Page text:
"We managed to increase production at the plant by 20% on a daily basis, reduce operating costs, and increase the net return from around 15% to almost 23%. Furthermore, we reduced the payback period on initial capital from 3.6 years to 2.4 years.”

-Anthony Hawkshaw, President & CEO

Anthony Hawkshaw, Elsiario Antunez De Mayolo, Eric Caba, Andres Franco


May 12, 2020

What were some of the key findings of the NI 43-101 technical report published for the Corani project in December 2019?

EC: The 43-101 is an update to the technical report issued in 2017. Primarily we looked at addressing risks on construction design, trying to make a constructible plan and improve the economics of the project. During the process we undertook materials testing, additional geotechnical studies, and contracted Ausenco to review the design of the process plant. We then went through and requoted everything, doing a zero-based estimate for owners and operating costs. The net result saw the capex come out basically the same as in 2017, but with significant changes within the capex regarding the distribution of capital.

AH: We managed to increase production at the plant by 20% on a daily basis, reduce operating costs, and increase the net return from around 15% to almost 23%. Furthermore, we reduced the payback period on initial capital from 3.6 years to 2.4 years. The capex is about US$580 million, but the people that provide the financing will expect us to provide the capacity for potential delays and start-up cost overruns, which will push the number above US$600.

In March 2020, Bear Creek Mining announced it had engaged BNP Paribas and Société Générale for a US$400 million senior secured credit facility. Can you expand on this transaction?

AH: Both banks have substantial mining experience, financing projects such as Mina Justa in Peru, and, in 2018, they provided approximately US$13 billion of financing for mining projects around the world. Based on their desktop work, each of them offered indicative terms, and each proposed they would like to work with another bank for syndication. We received their proposals in December 2019 and January 2020, and the synergies between the two banks was apparent.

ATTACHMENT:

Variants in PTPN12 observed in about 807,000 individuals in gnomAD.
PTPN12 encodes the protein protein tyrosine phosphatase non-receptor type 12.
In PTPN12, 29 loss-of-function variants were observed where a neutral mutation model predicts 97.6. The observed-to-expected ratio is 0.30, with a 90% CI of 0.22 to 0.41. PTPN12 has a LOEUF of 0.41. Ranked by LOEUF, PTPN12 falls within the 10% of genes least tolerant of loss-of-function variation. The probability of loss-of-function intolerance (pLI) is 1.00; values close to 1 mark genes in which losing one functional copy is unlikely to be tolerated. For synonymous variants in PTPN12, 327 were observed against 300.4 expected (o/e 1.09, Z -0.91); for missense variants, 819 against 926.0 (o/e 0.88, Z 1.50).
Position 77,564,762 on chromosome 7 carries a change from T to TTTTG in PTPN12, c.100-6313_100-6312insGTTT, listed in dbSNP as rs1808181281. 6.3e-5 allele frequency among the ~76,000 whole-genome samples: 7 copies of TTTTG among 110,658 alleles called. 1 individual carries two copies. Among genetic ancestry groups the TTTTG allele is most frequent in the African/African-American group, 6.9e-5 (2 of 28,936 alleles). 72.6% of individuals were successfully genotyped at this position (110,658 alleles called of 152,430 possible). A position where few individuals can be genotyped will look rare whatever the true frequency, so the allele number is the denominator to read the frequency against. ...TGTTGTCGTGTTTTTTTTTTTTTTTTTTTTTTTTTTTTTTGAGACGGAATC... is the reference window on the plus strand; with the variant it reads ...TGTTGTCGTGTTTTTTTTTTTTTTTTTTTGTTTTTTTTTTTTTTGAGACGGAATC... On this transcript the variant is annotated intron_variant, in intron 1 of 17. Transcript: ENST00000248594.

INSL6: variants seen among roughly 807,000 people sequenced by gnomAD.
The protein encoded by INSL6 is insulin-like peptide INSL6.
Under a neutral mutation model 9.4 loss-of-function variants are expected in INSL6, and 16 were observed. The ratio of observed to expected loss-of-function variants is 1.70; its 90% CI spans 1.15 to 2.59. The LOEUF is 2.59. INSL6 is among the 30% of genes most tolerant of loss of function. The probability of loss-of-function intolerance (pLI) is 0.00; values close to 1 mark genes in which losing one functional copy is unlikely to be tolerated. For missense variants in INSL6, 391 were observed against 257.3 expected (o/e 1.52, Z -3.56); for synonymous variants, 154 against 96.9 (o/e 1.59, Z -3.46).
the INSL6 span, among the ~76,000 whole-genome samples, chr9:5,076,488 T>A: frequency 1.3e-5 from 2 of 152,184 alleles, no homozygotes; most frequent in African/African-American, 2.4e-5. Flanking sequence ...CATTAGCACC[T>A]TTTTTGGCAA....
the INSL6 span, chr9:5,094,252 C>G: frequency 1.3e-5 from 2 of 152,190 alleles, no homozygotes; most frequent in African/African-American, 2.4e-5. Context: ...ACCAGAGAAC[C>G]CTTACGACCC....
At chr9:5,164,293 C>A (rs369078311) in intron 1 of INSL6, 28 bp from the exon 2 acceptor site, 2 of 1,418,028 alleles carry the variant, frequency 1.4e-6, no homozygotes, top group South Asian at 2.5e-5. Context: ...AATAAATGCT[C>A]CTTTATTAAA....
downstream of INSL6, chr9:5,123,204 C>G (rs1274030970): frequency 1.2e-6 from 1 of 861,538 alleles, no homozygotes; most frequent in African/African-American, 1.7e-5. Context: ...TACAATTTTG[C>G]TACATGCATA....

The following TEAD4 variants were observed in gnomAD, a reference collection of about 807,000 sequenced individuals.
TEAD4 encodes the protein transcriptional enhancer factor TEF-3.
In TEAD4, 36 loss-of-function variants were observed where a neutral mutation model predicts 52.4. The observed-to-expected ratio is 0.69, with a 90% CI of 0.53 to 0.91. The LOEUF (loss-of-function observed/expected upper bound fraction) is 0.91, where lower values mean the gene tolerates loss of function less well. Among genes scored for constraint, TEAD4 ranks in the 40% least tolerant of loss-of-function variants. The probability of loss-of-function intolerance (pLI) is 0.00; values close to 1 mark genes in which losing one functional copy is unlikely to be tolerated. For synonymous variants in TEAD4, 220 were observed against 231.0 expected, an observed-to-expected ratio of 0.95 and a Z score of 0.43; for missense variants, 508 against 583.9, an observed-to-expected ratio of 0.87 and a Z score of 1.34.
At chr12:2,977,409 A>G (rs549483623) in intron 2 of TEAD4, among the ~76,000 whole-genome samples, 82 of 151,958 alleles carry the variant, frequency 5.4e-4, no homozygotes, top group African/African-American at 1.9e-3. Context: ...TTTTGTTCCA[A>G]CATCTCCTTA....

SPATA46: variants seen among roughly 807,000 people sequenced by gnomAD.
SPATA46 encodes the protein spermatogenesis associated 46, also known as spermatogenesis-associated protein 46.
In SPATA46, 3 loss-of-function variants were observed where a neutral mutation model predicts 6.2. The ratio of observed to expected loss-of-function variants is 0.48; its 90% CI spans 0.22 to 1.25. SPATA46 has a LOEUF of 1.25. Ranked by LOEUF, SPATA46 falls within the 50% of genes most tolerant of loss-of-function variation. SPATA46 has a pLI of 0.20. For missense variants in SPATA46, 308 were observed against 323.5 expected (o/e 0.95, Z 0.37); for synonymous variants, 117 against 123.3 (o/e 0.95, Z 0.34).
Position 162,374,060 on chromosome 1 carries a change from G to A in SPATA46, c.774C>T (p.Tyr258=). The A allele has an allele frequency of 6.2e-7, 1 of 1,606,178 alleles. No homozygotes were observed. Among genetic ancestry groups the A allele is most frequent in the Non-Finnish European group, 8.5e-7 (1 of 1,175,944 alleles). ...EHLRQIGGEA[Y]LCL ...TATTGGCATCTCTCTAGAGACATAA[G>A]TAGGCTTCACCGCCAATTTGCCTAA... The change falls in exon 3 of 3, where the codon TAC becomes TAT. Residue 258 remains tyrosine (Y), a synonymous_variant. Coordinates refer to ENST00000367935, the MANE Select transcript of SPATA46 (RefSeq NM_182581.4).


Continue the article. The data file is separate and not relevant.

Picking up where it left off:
We negotiated an engagement letter which sets out the due diligence process, which will take three or four months. Discussions with other sources of finance with respect to an inter-creditor arrangement, legal documentation, translation of documentation, and perfection of security in Peru, should take an additional three or four months. Sometime in Q3 2020, we hope to have put together an additional US$250 million of financing that may include offtake arrangements with smelters and/or traders, possibly a base metals stream, subordinated debt, and a portion of equity to complement the debt facility.

How have Bear Creek’s relationships with the Chacaconiza and Quelcaya communities evolved?

AH: On Common Ground Consultants did a review of the Corani region in 2012 and made recommendations to Bear Creek as to the type of programs we should implement. Andres Franco took these recommendations and expanded on them to a much greater extent than was initially planned. We knew we had the best community social relations in Peru, or anywhere I have ever seen, but wanted this to be validated by a third party, so we hired On Common Ground to undertake a follow up social review in 2019. Their December 2019 report showed that we have done an excellent job in earning social licence, but their one area of concern is that the people want the mine to be built and are waiting for us to start work to further improve their lives.